Air Transport World

Deregulation's mixed legacy.(ANALYSIS)

'THE ASSUMPTION THAT YOU ARE going to get really intense, severe, cutthroat competition just seems to be unrealistic when you are talking about a small number of carriers who meet in one market after another. I just do not see any reason to believe that the airline industry cannot prosper and attract capital"--Alfred Kahn, "father" of US airline deregulation, testifying before Congress in 1977.



This autumn the US airline industry will mark what for many of its former and current participants is a bitter anniversary: The passage of the Airline Deregulation Act, which was signed into law by President Jimmy Carter on Oct. 24, 1978, and began to take effect the following January.

At the time, US carriers generally were regarded as world leaders in terms of service, networks, safety and efficiency and had been profitable in 17 of the previous 20 years. However, a number of prominent economists, politicians and analysts, foremost among them Civil Aeronautics Board Chairman Alfred Kahn, believed that economic regulation was generally bad for the American consumer: It prevented the transportation market from performing efficiently, blocked new competitors from entering and kept fares higher than they would be if the forces of the free market were unleashed.

Prior to its enactment, deregulation was opposed by nearly every US major airline. The carriers, however, soon came to welcome their new freedoms and the majority view is that it has delivered on the promise of lower fares and a greater variety of consumer choices. This consensus notwithstanding, to this day a small but well-credentialed minority views it as a failure, citing among other things the loss of some of aviation's greatest companies, the bankruptcies of all but one of the major pre-deregulation carriers, the downward pressure on airline wages (most significantly since 9/11) and a widespread perception that customer service has declined.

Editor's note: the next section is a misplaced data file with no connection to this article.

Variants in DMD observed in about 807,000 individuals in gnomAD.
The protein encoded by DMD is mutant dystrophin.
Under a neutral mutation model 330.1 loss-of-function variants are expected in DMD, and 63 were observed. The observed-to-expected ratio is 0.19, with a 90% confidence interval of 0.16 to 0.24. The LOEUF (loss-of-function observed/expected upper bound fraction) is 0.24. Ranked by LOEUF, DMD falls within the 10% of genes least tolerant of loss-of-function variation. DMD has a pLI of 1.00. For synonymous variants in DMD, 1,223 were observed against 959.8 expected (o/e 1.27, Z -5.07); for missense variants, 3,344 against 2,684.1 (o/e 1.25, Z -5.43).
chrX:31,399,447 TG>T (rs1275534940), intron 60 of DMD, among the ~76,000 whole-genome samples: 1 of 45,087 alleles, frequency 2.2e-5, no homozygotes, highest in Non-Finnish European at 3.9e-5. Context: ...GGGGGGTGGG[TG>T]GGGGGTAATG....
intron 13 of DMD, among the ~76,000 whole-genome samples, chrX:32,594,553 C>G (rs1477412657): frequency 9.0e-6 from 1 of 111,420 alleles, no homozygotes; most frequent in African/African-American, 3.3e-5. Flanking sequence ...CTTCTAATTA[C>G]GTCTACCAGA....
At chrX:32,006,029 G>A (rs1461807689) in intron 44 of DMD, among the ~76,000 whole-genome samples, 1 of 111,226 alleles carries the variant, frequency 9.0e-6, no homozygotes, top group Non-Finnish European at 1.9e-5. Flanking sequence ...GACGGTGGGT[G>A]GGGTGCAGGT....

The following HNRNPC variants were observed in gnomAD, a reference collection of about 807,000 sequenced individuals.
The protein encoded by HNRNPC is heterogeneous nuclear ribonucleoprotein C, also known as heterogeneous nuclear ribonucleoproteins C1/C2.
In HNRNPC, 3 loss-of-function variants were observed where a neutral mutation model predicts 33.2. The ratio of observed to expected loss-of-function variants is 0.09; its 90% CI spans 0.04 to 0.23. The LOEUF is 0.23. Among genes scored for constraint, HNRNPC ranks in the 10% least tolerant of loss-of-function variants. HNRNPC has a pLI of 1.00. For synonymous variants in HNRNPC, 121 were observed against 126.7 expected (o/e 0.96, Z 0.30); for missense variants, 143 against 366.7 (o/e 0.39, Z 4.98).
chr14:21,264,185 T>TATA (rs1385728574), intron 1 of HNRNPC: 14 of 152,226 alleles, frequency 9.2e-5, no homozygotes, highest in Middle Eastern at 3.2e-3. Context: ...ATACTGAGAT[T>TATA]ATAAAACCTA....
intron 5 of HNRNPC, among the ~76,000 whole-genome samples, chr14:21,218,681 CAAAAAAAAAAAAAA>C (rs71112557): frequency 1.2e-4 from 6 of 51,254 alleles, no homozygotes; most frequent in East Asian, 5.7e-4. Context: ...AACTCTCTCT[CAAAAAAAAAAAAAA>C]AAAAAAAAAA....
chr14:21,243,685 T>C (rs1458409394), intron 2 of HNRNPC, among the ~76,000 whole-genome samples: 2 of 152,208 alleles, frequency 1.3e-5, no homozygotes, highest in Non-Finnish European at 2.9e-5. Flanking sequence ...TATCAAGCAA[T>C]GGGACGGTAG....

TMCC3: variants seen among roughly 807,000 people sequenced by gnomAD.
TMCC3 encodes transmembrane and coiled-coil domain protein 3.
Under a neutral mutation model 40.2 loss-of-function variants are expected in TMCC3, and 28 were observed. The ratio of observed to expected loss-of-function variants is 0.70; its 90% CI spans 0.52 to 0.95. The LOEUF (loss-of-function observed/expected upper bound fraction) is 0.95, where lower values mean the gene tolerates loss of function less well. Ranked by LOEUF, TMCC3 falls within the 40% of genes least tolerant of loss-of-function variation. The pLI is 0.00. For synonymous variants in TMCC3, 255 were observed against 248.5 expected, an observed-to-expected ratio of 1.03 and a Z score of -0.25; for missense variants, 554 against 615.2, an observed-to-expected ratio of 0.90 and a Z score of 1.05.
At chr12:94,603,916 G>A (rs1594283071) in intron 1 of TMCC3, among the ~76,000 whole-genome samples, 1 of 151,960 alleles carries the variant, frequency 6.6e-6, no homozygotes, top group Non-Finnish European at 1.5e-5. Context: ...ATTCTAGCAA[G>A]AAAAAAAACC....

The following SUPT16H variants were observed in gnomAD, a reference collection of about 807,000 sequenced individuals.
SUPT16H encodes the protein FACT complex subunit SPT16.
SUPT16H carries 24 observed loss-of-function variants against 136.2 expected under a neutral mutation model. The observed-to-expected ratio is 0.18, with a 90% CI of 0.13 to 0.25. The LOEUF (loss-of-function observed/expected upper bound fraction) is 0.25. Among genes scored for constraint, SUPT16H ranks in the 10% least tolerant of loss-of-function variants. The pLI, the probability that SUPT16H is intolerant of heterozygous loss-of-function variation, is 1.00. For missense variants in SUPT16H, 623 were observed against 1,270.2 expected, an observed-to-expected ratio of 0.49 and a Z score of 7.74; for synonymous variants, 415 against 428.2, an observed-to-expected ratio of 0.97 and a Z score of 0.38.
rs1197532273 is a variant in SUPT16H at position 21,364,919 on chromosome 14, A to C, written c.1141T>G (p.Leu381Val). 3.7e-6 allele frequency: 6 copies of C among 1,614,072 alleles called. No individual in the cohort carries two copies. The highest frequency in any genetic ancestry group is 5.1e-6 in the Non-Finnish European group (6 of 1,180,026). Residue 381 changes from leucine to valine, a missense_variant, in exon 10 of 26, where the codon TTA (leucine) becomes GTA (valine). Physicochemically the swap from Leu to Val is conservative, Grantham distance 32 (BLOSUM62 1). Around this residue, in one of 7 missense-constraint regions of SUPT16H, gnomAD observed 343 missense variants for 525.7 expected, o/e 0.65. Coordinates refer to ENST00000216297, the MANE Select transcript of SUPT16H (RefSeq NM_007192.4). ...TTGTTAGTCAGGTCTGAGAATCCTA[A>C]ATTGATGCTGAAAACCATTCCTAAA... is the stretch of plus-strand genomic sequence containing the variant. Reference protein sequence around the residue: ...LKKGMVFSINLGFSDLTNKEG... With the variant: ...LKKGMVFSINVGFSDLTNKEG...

Today, as the 30th anniversary approaches, US airlines are grappling with yet another major crisis, this one fueled by the price of oil, resulting in downsizing, layoffs and a torrent of red ink--expected to reach $10 billion for the full year, according to the Air Transport Assn. The cause of today's crisis may be unique, but during the deregulated era the industry has seemed to lurch from disaster to disaster, interrupted by relatively brief but intense periods of profitability, the longest lasting six years (1995-2000) (see related article, p. 30).

The debate on deregulation's legacy will rage as long as there are economists and universities. Each paper written by an expert builds a compelling case for its success or failure. With fuel prices soaring and the devastating effects of 9/11 still lingering, the proponents of failure, including former American Airlines Chairman and CEO Robert Crandall, are having a field day.


On June 10, Crandall addressed the Wings Club in New York and laid out his blueprint for stabilization of the US airline system, which not surprisingly involved a "dollop" of reregulation (ATW, 7/08, p. 5).

"I feel little need to argue that deregulation has worked poorly in the airline industry. Three decades of deregulation have demonstrated that airlines have special characteristics incompatible with a completely unregulated environment," he told members. …

Log in to your account to read this article – and millions more.